Every year, I grow a line of favas, and they produce enough beans for one meal. Mostly, I grow them because I love to watch the process. First, the long, thick stalk, then the strange black and white flowers that look like insects, and then the pods, leathery outside and furry inside, sticking out at all awkward angles as if they just can’t quite contain themselves. They lack the graceful twirl of the pea plant and the striking teepee of the pole bean. But because they are favas (and someone who knows has taught me to say favas  and not fava beans, as the latter is redundant, like cornbread bread), they get away with all of their awkwardness, disturbing beauty, and total lack of efficiency when it comes to how much food they create.

A few months back, I bought a cookbook called Ripe: A Fresh, Colorful Approach to Fruits and Vegetables. I bought it because I had quietly fallen in love with it’s author, who writes a blog called 5 Second Rule. If you don’t read Cheryl Sterman Rule’s site, I’ll make the gentle suggestion that you make room in your heart for one more food blog. Start here if you need convincing.

Cheryl teamed up with a photographer, Paulette Phlipot, and together they created what I can only describe as a perfect love letter to living food–to juice and crunch and color and everything else that makes fruits and vegetables so exciting to discover, grow, cook and most of all eat. And so I felt that when I finally shared this book with you, it should be in the context of this vegetable that I grow–not for its prolific nature or its usefulness in the kitchen, but because it is strange and outstandingly delicious, and because even though every year I grow exactly enough for 1 meal, I will continue to do so because this vegetable deserves love and celebration. Also, it deserves couscous.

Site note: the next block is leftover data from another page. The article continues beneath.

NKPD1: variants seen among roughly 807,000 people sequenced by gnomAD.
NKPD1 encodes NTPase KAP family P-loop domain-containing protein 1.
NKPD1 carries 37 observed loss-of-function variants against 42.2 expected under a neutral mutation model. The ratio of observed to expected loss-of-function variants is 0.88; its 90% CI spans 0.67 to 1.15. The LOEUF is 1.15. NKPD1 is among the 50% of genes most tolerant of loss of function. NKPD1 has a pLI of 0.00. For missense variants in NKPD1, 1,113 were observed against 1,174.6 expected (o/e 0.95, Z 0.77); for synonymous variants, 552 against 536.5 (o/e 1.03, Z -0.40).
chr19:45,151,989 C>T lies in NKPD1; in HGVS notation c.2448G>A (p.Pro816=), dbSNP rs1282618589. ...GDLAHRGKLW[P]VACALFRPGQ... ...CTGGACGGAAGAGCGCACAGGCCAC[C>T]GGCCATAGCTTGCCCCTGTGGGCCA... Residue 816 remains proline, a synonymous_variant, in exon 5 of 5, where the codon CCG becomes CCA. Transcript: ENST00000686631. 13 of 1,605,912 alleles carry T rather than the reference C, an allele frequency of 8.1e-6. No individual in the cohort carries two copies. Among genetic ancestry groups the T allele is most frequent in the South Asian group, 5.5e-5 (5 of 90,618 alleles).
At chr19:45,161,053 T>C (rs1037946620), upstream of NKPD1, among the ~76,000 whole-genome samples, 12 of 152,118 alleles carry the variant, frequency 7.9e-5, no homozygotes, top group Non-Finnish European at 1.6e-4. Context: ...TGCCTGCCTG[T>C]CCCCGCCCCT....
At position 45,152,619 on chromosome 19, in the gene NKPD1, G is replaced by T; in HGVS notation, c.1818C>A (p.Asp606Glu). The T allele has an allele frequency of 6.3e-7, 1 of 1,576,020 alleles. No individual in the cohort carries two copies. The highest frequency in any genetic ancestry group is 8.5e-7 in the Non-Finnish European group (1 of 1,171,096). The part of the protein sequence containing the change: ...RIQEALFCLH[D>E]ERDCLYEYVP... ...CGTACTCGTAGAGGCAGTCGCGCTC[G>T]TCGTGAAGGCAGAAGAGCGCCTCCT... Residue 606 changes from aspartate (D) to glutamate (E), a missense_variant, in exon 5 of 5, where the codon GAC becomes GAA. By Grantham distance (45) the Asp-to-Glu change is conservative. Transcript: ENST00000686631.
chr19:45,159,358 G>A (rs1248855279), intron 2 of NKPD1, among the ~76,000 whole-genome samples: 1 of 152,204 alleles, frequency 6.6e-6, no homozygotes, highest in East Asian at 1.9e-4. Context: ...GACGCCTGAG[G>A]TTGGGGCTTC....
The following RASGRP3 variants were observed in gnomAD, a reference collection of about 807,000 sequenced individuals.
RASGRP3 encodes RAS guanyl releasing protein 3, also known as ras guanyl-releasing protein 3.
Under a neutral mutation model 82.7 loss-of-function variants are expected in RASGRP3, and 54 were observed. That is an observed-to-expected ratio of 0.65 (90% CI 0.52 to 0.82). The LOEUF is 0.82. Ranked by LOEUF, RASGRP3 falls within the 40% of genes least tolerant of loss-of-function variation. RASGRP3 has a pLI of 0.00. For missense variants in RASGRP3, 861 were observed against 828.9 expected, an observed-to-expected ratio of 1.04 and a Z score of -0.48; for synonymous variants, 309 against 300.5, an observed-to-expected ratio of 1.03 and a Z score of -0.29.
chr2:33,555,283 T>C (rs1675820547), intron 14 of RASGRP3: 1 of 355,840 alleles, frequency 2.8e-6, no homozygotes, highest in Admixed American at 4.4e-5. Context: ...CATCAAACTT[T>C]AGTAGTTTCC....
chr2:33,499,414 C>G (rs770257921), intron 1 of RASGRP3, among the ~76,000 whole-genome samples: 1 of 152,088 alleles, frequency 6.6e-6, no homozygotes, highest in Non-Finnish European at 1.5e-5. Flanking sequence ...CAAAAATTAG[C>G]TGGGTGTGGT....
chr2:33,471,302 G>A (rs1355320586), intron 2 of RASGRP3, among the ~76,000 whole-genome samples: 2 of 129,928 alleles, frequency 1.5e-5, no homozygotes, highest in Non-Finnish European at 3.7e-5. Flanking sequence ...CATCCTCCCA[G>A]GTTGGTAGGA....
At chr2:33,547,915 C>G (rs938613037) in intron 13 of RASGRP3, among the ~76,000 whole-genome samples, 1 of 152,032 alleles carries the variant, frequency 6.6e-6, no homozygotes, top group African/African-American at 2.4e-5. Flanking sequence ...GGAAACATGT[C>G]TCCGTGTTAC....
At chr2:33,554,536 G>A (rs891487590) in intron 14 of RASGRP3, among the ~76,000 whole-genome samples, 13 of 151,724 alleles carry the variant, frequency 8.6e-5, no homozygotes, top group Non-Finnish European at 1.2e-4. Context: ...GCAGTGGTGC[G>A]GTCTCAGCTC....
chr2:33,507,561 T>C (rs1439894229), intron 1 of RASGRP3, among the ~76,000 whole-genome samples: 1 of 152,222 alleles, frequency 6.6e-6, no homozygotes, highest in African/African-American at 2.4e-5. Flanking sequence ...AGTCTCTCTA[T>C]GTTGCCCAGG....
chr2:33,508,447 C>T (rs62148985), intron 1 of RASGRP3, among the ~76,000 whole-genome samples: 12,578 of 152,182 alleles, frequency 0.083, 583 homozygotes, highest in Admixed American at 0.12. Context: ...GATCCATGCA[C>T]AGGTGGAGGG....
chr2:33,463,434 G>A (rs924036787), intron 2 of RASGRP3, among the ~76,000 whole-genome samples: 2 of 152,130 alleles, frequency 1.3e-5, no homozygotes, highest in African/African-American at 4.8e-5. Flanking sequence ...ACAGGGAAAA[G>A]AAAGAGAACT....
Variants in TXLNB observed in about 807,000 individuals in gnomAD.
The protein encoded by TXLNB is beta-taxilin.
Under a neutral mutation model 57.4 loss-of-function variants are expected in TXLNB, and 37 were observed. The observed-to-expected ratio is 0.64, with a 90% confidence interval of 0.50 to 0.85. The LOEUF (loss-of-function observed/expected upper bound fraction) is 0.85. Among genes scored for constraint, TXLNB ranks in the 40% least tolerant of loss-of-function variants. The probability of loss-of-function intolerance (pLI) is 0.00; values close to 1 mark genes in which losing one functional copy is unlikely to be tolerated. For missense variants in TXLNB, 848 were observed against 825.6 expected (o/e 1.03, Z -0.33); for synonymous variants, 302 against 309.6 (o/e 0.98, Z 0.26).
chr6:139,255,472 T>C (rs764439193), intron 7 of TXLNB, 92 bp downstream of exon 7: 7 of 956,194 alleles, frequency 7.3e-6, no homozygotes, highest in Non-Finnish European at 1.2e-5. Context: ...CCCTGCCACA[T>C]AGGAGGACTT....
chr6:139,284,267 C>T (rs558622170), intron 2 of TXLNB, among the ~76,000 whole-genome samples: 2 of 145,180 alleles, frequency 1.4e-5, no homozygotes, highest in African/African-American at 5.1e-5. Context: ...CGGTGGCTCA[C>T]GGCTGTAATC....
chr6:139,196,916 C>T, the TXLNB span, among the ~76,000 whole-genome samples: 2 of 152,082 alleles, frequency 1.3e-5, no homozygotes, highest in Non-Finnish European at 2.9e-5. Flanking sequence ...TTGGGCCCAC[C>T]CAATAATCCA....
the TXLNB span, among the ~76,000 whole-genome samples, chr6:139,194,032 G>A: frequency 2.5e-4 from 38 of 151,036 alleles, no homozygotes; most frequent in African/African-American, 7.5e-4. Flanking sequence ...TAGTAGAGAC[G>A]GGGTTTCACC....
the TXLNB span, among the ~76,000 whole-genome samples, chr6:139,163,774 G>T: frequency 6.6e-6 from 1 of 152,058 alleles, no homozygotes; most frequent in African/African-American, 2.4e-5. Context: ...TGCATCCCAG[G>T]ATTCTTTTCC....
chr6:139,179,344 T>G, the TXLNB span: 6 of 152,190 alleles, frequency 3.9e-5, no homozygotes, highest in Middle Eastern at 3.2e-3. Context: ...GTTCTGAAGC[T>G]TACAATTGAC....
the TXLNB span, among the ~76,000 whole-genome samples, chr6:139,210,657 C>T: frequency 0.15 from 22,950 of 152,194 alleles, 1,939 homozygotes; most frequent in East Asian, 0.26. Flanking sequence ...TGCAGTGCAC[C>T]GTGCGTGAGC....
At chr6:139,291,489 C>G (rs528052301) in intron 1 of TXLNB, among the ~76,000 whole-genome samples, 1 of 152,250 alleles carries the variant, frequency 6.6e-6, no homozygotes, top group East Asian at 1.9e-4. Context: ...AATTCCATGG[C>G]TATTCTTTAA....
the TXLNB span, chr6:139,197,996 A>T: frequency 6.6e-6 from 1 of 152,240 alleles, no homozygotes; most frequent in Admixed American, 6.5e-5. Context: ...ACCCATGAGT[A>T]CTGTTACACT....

Favas have a bad reputation because they must first be shelled and then they are shelled again, but the inner greenness that you get (especially when it is a fresh grown and gathered in your skirt fava) is worth every step. I made this recipe with the feta and toasted pistachio addition, and I will dream about it until I make it again… next year. I’ve asked Cheryl if I could reprint her recipe exactly here, as I cooked it to the letter and I wouldn’t change a single thing. And yes, you can buy your favas! But some day, if you need a fence that needs covering, I’d throw a few of these seeds in the ground, if only to watch them grow.

 


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12 Responses to warm fava shallot couscous

  1. anna says:

    The perfect groundhog abatement trick: fill a 5 ga.llon Bucket with hot water, a big Costco container of red chili pepper flakes and another of garlic powder. Let steep a bit. Throw down the entrance hole. He will leave for good.